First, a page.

It’s time for another runDisney race, and that means it’s time for another #VirtualRunDisney Blog Hop. Hosted by the lovely ladies over at Distherapy and Margaritas, Miles & the Mouse. Visit their blogs, and click on the link below to revel in the goodness that is the Virtual runDisney Blog Hop!
Let’s get one thing out of the way, right away. I am not a “girly” girl. I live in workout clothes, I really only wear make-up for special occasions or on stage, I don’t do jewelry and I don’t “squee”.
Oh, I may have had my flashes, as a little girl. I loved my dolls and stuffed animals, but I really, really loved my remote control jeep. There was nothing better than tumbling around, tangle-haired with the dogs.
I didn’t understand why Cinderella was so keen on putting on a (admittedly pretty) dress and going to the ball to find a man when she could hang around in her bare feet with her animal friends who could MAKE CLOTHES. Dude. I’d hang out with those critters and get a clothing shop going! I don’t think they can call it a sweat shop if the workers are incapable of sweating, right?
Honestly, “Princess” has always had a negative connotation to me – princesses were entitled, spoiled prissies. They weren’t tough. After all, who hasn’t heard the dismissive term, “Suck it up, Princess”. I didn’t want to be a Princess…
Wait. Leia! She was a Princess, and she was tough as hell. She may have been rescued on that Star Destroyer, but she also did her fair share of rescuing. She rescued people in totally bad-ass ways.
But I digress.
The Princess Half Marathon was my very first race, back in 2012. Back then, I had no idea that people dressed up in costume to run these races, so imagine my amusement when this moderately cynical comedian saw gals (and guys) toeing the line all decked out as their favourite Disney Princess. So much pink! So much tulle! So many tiaras! (And I privately worried that some may have focussed more on the “Princess” end of the race and less on the “Half Marathon” end of it and would end their morning wearing a huge tutu and crying on a sweeper bus).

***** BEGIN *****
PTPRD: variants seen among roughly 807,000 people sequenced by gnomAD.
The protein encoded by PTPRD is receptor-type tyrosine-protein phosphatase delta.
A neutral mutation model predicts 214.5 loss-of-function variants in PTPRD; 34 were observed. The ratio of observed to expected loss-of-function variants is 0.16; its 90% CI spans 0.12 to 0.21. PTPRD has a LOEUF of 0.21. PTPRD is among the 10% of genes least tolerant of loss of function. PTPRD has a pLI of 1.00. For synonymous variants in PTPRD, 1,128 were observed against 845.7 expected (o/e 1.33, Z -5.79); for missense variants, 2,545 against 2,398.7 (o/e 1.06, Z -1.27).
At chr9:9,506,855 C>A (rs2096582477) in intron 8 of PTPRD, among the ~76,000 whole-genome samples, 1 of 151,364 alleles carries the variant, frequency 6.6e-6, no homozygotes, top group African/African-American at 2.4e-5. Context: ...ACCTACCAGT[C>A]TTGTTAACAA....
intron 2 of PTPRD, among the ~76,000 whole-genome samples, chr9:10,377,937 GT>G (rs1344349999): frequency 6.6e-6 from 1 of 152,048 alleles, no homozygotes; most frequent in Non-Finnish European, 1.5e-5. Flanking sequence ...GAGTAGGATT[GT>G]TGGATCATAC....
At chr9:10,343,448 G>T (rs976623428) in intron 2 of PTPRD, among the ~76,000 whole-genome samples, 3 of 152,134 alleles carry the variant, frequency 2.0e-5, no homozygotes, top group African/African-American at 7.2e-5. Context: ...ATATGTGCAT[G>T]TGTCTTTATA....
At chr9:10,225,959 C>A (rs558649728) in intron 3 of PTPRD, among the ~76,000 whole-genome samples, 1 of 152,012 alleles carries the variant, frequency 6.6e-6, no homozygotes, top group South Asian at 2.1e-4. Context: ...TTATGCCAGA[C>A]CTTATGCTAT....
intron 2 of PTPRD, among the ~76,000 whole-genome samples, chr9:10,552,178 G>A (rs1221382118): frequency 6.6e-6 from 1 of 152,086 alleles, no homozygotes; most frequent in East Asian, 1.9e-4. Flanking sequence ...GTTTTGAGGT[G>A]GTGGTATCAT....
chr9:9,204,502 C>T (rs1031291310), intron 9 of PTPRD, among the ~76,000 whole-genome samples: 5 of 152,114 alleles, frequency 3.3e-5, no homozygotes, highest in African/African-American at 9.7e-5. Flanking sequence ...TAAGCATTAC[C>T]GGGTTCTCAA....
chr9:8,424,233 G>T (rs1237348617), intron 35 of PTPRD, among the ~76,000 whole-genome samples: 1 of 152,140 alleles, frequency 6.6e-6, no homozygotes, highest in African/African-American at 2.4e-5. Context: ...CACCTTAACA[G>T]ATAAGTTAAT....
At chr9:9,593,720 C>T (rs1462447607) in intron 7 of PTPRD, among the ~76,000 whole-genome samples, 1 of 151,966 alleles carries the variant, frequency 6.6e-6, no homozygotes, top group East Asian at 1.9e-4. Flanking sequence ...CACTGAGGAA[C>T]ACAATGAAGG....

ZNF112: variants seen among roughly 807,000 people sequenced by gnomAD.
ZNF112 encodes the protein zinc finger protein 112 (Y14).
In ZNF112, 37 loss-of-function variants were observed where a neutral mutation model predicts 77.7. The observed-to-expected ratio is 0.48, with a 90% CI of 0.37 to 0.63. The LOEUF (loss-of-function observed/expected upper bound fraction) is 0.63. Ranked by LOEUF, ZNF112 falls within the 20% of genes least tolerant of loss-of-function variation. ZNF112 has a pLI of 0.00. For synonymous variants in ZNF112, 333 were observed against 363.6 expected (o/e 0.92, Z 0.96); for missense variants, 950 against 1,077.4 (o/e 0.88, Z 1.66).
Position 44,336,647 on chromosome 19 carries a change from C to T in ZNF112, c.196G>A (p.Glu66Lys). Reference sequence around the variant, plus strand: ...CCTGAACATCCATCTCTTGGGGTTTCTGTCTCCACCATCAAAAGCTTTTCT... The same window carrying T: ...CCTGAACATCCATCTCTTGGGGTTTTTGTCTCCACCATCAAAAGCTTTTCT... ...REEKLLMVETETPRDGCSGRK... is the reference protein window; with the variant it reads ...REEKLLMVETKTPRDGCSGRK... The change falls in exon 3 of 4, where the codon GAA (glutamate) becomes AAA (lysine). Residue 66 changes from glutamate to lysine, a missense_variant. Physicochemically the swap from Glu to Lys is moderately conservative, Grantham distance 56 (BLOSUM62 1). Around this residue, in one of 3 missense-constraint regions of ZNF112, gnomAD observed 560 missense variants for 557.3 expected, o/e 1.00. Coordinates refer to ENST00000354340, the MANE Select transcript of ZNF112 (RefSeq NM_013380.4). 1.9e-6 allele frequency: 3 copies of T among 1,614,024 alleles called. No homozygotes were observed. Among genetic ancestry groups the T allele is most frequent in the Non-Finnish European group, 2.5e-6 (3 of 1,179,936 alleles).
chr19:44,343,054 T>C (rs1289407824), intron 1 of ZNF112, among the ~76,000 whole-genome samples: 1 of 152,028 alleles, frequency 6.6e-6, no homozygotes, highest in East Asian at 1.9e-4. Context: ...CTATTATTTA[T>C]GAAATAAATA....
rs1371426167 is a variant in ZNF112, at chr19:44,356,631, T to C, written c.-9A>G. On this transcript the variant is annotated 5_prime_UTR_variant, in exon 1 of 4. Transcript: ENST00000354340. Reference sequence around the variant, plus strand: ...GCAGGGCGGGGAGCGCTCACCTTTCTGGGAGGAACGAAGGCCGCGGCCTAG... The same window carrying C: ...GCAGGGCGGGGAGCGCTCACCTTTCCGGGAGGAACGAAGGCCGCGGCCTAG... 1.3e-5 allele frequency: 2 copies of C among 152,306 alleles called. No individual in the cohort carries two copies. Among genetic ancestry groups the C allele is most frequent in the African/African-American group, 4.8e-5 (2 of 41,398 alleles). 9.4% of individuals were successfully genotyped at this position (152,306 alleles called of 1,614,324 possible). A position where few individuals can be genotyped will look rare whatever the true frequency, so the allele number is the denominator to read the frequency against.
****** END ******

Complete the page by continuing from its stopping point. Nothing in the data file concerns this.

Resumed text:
But then, I saw the sparkle in their eyes and their pure joy as they ran from photo opportunity to photo opportunity.
Was I missing something by being a fuddy-duddy? Was my instinctive “women don’t need rescuing by princes” independent streak making me miss the point? Was I taking the “Princess” thing too literally? (My mom wouldn’t let us watch “All In the Family” because it was “sexist” – totally missing the point, and it wasn’t until I learned what ‘satire’ was that I understood humour could be a powerful tool…)
I admit, I personally struggle with the portrayal of women, the occasional lack of depth of character in Disney’s earlier Princesses along with a lot of our popular culture, but that’s my hang-up. I’m pretty loose with my brand of feminism, but I know (and YOU know) we’re more than shoes and glitter. That by calling a race “woman themed” and branding it with swirly font and lots of pink and soft purples does not, somehow diminish the actual physical feat of racing for 13.1 (or 6.2, or 19.3) miles.
Hey, I’m no hater. Who am I to judge a hard-working mom, a highly successful career woman, an athlete or a first time runner if they wanted to add a little escapism to their run? What’s the harm in dressing up as your daughters’ favourite princess (or fairy) if she’s watching you accomplish an amazing physical feat AS that character? It shows that you can’t judge a book by it’s delicate cover, and you just made Cinderella 100% more bad-ass by throwing away some stupid, impractical glass shoes.
The truth is, when I ran the Princess Half Marathon in 2012 I learned that the women around me were better than “Princesses”. They were all bad-asses. They worked their butts off through the fall and winter (or longer). Through family conflicts, through work emergencies, through injuries, illnesses and personal struggles. They were pushing their bodies to do things that some of them had never thought possible. Some were running for their families, some were running for charities but most importantly they were all running for themselves.
We we were all discovering our potential. Learning a little bit about our own true, personal power.
And that. That is a crowning achievement if I’ve ever heard one.
I’ll see you at the start line for the Glass Slipper Challenge this year. I may not be dressed as a princess, but I will give hearty fist-bumps and admiring hugs to those who are.